Prices have to adjust, too. The Publican is boxing up enough food for four people in meals drawn from what its website terms “greatest hits,” like piri-piri chicken, summer sausage, fries, salad, barbecued carrots and cookies, all for $16.95 a person.
“Depression-era pricing,” Mr. Kahan said. “We just want to keep some cash flow going. Survival.”
Publican’s greatest hits can be purchased through Tock, which was a reservations site until about a week ago. Then Nick Kokonas, its founder and chief executive, got a call from Brian Canlis, an owner of the restaurant Canlis in Seattle.
“He said, ‘Hey, we need to do a pickup meal and I’m not sure I can properly configure enough of them as ‘tables,’ ” Mr. Kokonas recalled in an email. “He was trying to ‘hack’ the existing system, which is very powerful for normal restaurants but was not geared to carryout inventory.”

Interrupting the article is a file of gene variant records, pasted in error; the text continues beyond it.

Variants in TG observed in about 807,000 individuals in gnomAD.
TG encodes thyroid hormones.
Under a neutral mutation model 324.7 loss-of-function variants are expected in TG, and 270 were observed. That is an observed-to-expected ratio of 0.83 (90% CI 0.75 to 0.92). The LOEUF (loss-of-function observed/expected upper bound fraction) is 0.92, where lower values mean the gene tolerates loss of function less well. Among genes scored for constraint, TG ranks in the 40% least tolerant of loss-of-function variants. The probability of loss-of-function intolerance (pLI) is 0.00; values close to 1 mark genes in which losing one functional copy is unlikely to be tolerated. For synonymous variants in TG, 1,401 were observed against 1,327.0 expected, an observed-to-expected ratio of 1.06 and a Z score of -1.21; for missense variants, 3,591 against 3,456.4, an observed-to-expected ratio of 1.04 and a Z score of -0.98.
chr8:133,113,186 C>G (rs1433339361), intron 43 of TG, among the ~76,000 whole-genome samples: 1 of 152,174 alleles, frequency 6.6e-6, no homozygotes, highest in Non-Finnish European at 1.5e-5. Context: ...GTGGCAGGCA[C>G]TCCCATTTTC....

Tock wrote some new software so restaurants could sell meals online and, crucially, process credit card payments, which requires an ability to encrypt data that most restaurants do not possess. About 40 restaurants in the United States and several in other countries have started using the new service, Tock to Go.
By Sunday, a competing reservations service, Resy, which like Tock was watching the numbers of bookings on its site crash in one city after another, had also repurposed its site for delivery and pickup orders. About 30 restaurants have signed on. (Resy has waived its fees to restaurants for at least 30 days. Tock is collecting its monthly fee.)
Restaurants are the main clients for many other businesses, from florists to linen services to farms, that have lost income as people have been ordered to stay home. Few of them are as nimble, though, as the technology-driven reservation services, and even they are uncertain how many of the to-go operations that were put together over the past few days will still be running next week.